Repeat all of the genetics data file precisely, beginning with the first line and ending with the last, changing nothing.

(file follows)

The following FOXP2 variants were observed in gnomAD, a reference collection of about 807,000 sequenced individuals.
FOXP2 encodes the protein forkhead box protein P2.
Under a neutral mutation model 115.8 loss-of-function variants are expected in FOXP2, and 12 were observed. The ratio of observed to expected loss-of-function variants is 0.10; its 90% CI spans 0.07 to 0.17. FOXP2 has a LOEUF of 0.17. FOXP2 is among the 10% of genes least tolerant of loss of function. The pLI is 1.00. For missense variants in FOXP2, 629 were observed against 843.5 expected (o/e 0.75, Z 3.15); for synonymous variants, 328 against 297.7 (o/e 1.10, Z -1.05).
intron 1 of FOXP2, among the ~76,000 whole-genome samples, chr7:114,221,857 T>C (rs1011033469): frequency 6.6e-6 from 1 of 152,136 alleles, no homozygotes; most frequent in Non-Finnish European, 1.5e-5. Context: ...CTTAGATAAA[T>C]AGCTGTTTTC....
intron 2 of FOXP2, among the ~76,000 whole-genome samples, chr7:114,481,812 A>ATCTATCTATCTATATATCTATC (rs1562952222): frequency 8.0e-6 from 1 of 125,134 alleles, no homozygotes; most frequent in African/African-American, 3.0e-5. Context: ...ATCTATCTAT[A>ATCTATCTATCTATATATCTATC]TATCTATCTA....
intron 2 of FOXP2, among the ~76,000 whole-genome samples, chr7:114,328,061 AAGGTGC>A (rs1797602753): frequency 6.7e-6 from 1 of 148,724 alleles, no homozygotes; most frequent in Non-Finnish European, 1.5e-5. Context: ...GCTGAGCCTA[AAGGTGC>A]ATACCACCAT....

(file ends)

The following FOXP2 variants were observed in gnomAD, a reference collection of about 807,000 sequenced individuals.
FOXP2 encodes the protein forkhead box protein P2.
Under a neutral mutation model 115.8 loss-of-function variants are expected in FOXP2, and 12 were observed. The ratio of observed to expected loss-of-function variants is 0.10; its 90% CI spans 0.07 to 0.17. FOXP2 has a LOEUF of 0.17. FOXP2 is among the 10% of genes least tolerant of loss of function. The pLI is 1.00. For missense variants in FOXP2, 629 were observed against 843.5 expected (o/e 0.75, Z 3.15); for synonymous variants, 328 against 297.7 (o/e 1.10, Z -1.05).
intron 1 of FOXP2, among the ~76,000 whole-genome samples, chr7:114,221,857 T>C (rs1011033469): frequency 6.6e-6 from 1 of 152,136 alleles, no homozygotes; most frequent in Non-Finnish European, 1.5e-5. Context: ...CTTAGATAAA[T>C]AGCTGTTTTC....
intron 2 of FOXP2, among the ~76,000 whole-genome samples, chr7:114,481,812 A>ATCTATCTATCTATATATCTATC (rs1562952222): frequency 8.0e-6 from 1 of 125,134 alleles, no homozygotes; most frequent in African/African-American, 3.0e-5. Context: ...ATCTATCTAT[A>ATCTATCTATCTATATATCTATC]TATCTATCTA....
intron 2 of FOXP2, among the ~76,000 whole-genome samples, chr7:114,328,061 AAGGTGC>A (rs1797602753): frequency 6.7e-6 from 1 of 148,724 alleles, no homozygotes; most frequent in Non-Finnish European, 1.5e-5. Context: ...GCTGAGCCTA[AAGGTGC>A]ATACCACCAT....